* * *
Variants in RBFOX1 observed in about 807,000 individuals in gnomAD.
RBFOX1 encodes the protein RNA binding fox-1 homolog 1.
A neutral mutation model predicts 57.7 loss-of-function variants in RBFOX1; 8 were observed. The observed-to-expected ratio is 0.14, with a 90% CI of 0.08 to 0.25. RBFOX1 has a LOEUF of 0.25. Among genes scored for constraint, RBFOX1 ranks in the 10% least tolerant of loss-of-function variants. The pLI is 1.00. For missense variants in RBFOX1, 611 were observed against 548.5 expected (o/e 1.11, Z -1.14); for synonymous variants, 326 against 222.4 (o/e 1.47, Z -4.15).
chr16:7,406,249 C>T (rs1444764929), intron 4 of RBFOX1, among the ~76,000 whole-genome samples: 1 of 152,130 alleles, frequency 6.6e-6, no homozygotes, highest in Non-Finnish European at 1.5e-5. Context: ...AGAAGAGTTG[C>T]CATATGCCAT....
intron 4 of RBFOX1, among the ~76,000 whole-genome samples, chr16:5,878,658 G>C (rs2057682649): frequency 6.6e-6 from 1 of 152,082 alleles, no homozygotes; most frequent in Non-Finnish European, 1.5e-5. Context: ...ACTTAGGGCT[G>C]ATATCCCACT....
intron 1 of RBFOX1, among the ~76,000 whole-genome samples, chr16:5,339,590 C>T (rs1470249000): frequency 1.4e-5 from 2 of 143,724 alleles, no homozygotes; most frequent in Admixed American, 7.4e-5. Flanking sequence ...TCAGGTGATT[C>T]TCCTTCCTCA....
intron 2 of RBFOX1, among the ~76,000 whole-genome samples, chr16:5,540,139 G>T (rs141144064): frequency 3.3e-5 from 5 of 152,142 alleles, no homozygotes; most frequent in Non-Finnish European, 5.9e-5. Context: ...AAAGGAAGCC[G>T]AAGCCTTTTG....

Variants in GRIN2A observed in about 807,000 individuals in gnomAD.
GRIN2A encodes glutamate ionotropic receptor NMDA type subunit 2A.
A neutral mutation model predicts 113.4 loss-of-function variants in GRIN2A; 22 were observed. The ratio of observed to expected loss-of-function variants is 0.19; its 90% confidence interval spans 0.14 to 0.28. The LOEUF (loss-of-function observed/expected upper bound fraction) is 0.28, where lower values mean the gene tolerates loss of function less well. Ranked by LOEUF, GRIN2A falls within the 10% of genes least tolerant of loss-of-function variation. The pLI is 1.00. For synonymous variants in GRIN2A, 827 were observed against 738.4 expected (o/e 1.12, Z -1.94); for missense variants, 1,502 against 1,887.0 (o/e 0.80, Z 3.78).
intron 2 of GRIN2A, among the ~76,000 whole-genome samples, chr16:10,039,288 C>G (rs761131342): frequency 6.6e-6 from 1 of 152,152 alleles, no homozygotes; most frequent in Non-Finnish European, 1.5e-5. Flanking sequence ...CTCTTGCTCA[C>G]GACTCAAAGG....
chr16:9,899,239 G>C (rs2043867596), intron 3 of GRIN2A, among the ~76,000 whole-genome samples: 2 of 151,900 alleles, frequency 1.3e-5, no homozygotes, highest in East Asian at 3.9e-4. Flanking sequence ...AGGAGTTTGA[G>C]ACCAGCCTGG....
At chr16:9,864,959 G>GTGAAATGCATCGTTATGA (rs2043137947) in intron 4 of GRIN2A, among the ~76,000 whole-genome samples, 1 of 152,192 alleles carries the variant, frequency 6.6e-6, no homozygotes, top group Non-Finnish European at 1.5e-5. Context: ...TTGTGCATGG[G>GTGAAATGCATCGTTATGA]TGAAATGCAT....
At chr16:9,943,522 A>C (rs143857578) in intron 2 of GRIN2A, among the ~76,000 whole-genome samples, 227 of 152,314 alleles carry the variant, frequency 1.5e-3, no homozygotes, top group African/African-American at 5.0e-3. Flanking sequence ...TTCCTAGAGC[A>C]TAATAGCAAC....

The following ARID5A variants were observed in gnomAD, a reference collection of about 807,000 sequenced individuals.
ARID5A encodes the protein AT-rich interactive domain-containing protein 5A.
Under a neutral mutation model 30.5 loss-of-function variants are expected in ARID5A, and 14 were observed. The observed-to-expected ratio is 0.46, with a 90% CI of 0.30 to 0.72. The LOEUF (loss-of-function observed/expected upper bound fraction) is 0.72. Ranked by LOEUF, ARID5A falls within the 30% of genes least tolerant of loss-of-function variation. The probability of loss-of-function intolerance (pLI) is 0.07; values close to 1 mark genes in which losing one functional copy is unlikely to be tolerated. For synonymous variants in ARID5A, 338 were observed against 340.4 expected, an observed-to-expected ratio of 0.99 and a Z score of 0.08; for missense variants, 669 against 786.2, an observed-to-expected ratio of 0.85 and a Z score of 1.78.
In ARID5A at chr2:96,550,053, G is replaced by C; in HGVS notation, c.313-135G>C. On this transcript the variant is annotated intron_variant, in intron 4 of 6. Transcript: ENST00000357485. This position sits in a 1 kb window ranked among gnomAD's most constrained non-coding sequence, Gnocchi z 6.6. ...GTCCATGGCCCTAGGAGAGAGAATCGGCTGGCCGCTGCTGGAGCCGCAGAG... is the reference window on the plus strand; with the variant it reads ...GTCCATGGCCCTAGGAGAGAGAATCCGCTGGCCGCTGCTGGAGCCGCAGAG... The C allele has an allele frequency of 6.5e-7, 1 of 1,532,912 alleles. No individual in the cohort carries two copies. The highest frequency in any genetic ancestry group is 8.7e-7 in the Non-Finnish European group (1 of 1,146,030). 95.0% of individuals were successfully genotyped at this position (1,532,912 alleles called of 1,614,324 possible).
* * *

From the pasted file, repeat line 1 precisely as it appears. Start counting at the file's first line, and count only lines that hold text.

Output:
Variants in RBFOX1 observed in about 807,000 individuals in gnomAD.